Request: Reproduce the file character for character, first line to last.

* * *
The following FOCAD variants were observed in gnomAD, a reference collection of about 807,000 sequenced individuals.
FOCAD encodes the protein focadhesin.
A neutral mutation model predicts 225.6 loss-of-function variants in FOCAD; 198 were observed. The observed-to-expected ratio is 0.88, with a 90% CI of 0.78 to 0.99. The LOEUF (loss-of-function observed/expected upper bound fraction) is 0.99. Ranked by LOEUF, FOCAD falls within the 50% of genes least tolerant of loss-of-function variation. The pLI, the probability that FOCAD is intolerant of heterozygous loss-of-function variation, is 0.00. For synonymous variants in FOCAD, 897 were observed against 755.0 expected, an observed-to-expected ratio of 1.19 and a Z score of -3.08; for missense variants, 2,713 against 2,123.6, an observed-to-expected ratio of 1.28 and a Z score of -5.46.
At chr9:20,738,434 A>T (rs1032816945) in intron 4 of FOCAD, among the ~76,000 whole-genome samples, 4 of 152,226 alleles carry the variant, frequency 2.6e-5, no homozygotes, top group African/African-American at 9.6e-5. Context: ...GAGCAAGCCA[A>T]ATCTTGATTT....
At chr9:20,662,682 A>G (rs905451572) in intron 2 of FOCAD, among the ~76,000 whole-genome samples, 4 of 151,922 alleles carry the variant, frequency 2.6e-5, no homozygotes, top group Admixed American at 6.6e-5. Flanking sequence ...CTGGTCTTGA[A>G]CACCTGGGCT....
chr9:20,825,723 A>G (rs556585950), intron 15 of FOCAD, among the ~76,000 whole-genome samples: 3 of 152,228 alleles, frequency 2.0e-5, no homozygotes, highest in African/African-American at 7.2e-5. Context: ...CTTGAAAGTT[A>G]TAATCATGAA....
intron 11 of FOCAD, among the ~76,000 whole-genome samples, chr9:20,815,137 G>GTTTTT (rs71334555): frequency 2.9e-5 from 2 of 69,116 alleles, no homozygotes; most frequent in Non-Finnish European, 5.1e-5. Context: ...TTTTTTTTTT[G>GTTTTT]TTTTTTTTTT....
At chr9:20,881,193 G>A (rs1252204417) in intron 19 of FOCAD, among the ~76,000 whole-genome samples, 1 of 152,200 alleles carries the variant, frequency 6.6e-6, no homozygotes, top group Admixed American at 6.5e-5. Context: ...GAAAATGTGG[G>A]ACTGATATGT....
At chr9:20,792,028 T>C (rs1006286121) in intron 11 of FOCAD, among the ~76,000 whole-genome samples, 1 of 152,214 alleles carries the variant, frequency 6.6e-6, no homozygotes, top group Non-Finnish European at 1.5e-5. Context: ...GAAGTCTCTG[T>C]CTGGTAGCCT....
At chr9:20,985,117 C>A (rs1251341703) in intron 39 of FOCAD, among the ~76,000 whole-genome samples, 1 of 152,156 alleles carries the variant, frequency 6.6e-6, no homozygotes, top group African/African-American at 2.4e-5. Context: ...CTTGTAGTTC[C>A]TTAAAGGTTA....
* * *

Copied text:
The following FOCAD variants were observed in gnomAD, a reference collection of about 807,000 sequenced individuals.
FOCAD encodes the protein focadhesin.
A neutral mutation model predicts 225.6 loss-of-function variants in FOCAD; 198 were observed. The observed-to-expected ratio is 0.88, with a 90% CI of 0.78 to 0.99. The LOEUF (loss-of-function observed/expected upper bound fraction) is 0.99. Ranked by LOEUF, FOCAD falls within the 50% of genes least tolerant of loss-of-function variation. The pLI, the probability that FOCAD is intolerant of heterozygous loss-of-function variation, is 0.00. For synonymous variants in FOCAD, 897 were observed against 755.0 expected, an observed-to-expected ratio of 1.19 and a Z score of -3.08; for missense variants, 2,713 against 2,123.6, an observed-to-expected ratio of 1.28 and a Z score of -5.46.
At chr9:20,738,434 A>T (rs1032816945) in intron 4 of FOCAD, among the ~76,000 whole-genome samples, 4 of 152,226 alleles carry the variant, frequency 2.6e-5, no homozygotes, top group African/African-American at 9.6e-5. Context: ...GAGCAAGCCA[A>T]ATCTTGATTT....
At chr9:20,662,682 A>G (rs905451572) in intron 2 of FOCAD, among the ~76,000 whole-genome samples, 4 of 151,922 alleles carry the variant, frequency 2.6e-5, no homozygotes, top group Admixed American at 6.6e-5. Flanking sequence ...CTGGTCTTGA[A>G]CACCTGGGCT....
chr9:20,825,723 A>G (rs556585950), intron 15 of FOCAD, among the ~76,000 whole-genome samples: 3 of 152,228 alleles, frequency 2.0e-5, no homozygotes, highest in African/African-American at 7.2e-5. Context: ...CTTGAAAGTT[A>G]TAATCATGAA....
intron 11 of FOCAD, among the ~76,000 whole-genome samples, chr9:20,815,137 G>GTTTTT (rs71334555): frequency 2.9e-5 from 2 of 69,116 alleles, no homozygotes; most frequent in Non-Finnish European, 5.1e-5. Context: ...TTTTTTTTTT[G>GTTTTT]TTTTTTTTTT....
At chr9:20,881,193 G>A (rs1252204417) in intron 19 of FOCAD, among the ~76,000 whole-genome samples, 1 of 152,200 alleles carries the variant, frequency 6.6e-6, no homozygotes, top group Admixed American at 6.5e-5. Context: ...GAAAATGTGG[G>A]ACTGATATGT....
At chr9:20,792,028 T>C (rs1006286121) in intron 11 of FOCAD, among the ~76,000 whole-genome samples, 1 of 152,214 alleles carries the variant, frequency 6.6e-6, no homozygotes, top group Non-Finnish European at 1.5e-5. Context: ...GAAGTCTCTG[T>C]CTGGTAGCCT....
At chr9:20,985,117 C>A (rs1251341703) in intron 39 of FOCAD, among the ~76,000 whole-genome samples, 1 of 152,156 alleles carries the variant, frequency 6.6e-6, no homozygotes, top group African/African-American at 2.4e-5. Context: ...CTTGTAGTTC[C>A]TTAAAGGTTA....